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Lindbergh picture collection

 Collection
Call Number: MS 325B

Scope and Contents

The collection consists of photographic prints, negatives, art prints, drawings, paintings, silhouettes, postcards, and motion picture film created or collected by Charles Augustus Lindbergh and Anne Morrow Lindbergh. The collection primarily documents the life and interests of Charles Augustus Lindbergh and Anne Morrow Lindbergh, including childhoods, aviation and writing careers, expeditions and travels, and families. The bulk of the pictures document Charles Augustus Lindbergh’s career in aviation, including his airmail service, barnstorming, historic solo transatlantic flight in the Spirit of St. Louis, and post flight interest in him by the media. The collection also provides researchers some of the earliest aerial views of the Southwest United States, Mexico and Latin America, Canada, Japan, China, and North Atlantic regions taken by the Lindberghs during their scientific aerial explorations and travels; documentation of the aviation industry including pioneers, early airplanes, air fields, and the use of aviation in the military, particularly during World War II. Additional photographs depict various immediate and extended Lindbergh, Land, Lodge, and Morrow relations as well as friends and acquaintances.

The collection includes pictures from various sources. In addition to photographs taken by or for Charles Augustus Lindbergh and Anne Morrow Lindbergh, the collection includes photographs and art work handed down through their families, copies of photographs from the press and from libraries and archive collections, as well as photographs and artwork sent to the Lindberghs by members of the public. Due to the difficulty of identifying negatives and the existence of multiple copies, there is some duplication across series and folders.

Dates

  • Circa 1840-1983

Creator

Conditions Governing Access

Original audiovisual materials, as well as preservation and duplicating masters, may not be played. Researchers must consult use copies, or if none exist must pay for a use copy, which is retained by the repository. Researchers wishing to obtain an additional copy for their personal use should consult Copying Services information on the Manuscripts and Archives web site.

Photographs in box 102 are restricted pending preservation treatment and reformatting.

Existence and Location of Copies

Some of the photographic images in the collection have been digitally reproduced and are available through the Manuscripts and Archives Digital Image Database (MADID).

Conditions Governing Use

Copyright has been transferred to Yale University for unpublished materials authored or otherwise produced by the Charles Augustus Lindbergh. Copyright has been assigned to Reeve Morrow Lindbergh by Anne Morrow Lindbergh for materials Anne Morrow Lindbergh authored or otherwise produced. Copyright status for other collection materials is unknown. Transmission or reproduction of materials protected by U.S. Copyright Law (Title 17, U.S.C.) beyond that allowed by fair use requires the written permission of the copyright owners. Works not in the public domain cannot be commercially exploited without permission of the copyright owners. Responsibility for any use rests exclusively with the user.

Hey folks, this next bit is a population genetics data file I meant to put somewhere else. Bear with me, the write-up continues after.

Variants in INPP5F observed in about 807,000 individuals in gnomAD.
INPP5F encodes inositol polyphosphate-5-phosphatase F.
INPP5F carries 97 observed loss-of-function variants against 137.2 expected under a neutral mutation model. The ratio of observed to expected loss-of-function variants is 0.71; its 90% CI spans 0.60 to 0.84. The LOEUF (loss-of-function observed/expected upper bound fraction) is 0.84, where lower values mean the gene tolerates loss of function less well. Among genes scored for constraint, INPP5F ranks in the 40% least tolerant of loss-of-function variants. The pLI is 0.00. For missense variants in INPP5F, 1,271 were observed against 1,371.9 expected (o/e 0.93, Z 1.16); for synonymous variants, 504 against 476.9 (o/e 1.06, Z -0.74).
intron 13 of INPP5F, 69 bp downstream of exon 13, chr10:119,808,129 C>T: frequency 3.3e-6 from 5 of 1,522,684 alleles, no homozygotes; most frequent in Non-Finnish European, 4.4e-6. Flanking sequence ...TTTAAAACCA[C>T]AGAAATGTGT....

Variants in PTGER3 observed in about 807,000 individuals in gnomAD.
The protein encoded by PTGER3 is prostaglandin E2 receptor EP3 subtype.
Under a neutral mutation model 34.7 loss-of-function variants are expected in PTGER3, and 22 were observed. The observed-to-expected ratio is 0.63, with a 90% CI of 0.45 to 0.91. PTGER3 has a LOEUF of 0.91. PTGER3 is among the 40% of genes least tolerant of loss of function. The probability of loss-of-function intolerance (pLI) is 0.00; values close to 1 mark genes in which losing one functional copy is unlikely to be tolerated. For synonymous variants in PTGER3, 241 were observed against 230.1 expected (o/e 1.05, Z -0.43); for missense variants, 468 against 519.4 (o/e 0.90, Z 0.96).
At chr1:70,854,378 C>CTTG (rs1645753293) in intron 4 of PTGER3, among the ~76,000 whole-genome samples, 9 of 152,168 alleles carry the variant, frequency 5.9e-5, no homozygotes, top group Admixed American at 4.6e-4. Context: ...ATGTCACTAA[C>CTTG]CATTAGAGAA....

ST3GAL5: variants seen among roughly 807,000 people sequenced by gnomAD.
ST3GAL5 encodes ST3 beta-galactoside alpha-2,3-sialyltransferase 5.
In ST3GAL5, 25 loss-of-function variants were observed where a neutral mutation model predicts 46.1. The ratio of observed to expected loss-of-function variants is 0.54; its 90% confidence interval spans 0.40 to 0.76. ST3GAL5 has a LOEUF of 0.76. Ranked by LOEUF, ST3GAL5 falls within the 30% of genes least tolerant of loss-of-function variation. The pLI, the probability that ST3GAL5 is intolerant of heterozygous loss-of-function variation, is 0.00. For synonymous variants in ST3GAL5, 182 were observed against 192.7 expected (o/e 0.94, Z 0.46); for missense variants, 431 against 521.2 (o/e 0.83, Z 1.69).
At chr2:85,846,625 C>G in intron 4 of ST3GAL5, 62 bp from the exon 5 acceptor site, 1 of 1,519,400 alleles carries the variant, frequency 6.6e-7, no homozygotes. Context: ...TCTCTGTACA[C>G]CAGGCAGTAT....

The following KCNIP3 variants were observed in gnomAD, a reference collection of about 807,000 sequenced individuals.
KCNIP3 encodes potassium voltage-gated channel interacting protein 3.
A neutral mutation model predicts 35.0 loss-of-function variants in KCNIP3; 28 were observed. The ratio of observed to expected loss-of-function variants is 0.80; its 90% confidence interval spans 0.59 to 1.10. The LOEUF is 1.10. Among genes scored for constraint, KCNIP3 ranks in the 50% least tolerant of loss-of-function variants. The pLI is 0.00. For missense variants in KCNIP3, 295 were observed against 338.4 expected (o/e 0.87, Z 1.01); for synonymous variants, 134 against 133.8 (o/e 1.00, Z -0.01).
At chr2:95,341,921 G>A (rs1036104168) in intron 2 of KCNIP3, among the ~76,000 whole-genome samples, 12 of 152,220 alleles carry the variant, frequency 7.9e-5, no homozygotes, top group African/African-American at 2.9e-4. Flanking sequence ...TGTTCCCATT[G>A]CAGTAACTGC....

Immediate Source of Acquisition

Gift of Charles Augustus Lindbergh and his estate; and Anne Morrow Lindbergh, 1941-1988; gift of Hugo Visconti, 1999.

Arrangement

The collection is arranged in eight series: Series I. Charles Augustus Lindbergh, 1902-1974. Series II. Anne Morrow Lindbergh, circa 1906-1977. Series III. Charles Augustus Lindbergh and Anne Morrow Lindbergh family, 1930-circa 1979. Series IV. Lindbergh/Land/Lodge families, circa 1940-1978. Series V. Morrow/Cutter family, circa 1873-1979. Series VI. Friends, acquaintances, and others, circa 1870-1979. Series VII. Topical, 1880-1983, undated. Series VIII. Graphic art and postcards, 1893-circa 1970s; IX. Motion picture film, Circa 1932-1962; and Oversize.

Extent

73.75 Linear Feet (102 boxes)

Language of Materials

English

Catalog Record

A record for this collection is available in Orbis, the Yale University Library catalog

Persistent URL

http://hdl.handle.net/10079/fa/mssa.ms.0325b

Overview

The collection consists of photographic prints, negatives, art prints, drawings, paintings, silhouettes, postcards, and motion picture film created or collected by Charles Augustus Lindbergh and Anne Morrow Lindbergh. The collection primarily documents the life and interests of Charles Augustus Lindbergh and Anne Morrow Lindbergh, including childhoods, aviation and writing careers, expeditions and travels, and families. The bulk of the pictures document Charles Augustus Lindbergh’s career in aviation, including his airmail service, barnstorming, historic solo transatlantic flight in the Spirit of St. Louis, and post flight interest in him by the media. The collection also provides researchers some of the earliest aerial views of the Southwest United States, Mexico and Latin America, Canada, Japan, China, and North Atlantic regions taken by the Lindberghs during their scientific aerial explorations and travels; documentation of the aviation industry including pioneers, early airplanes, air fields, and the use of aviation in the military, particularly during World War II. Additional photographs depict various immediate and extended Lindbergh, Land, Lodge, and Morrow relations as well as friends and acquaintances.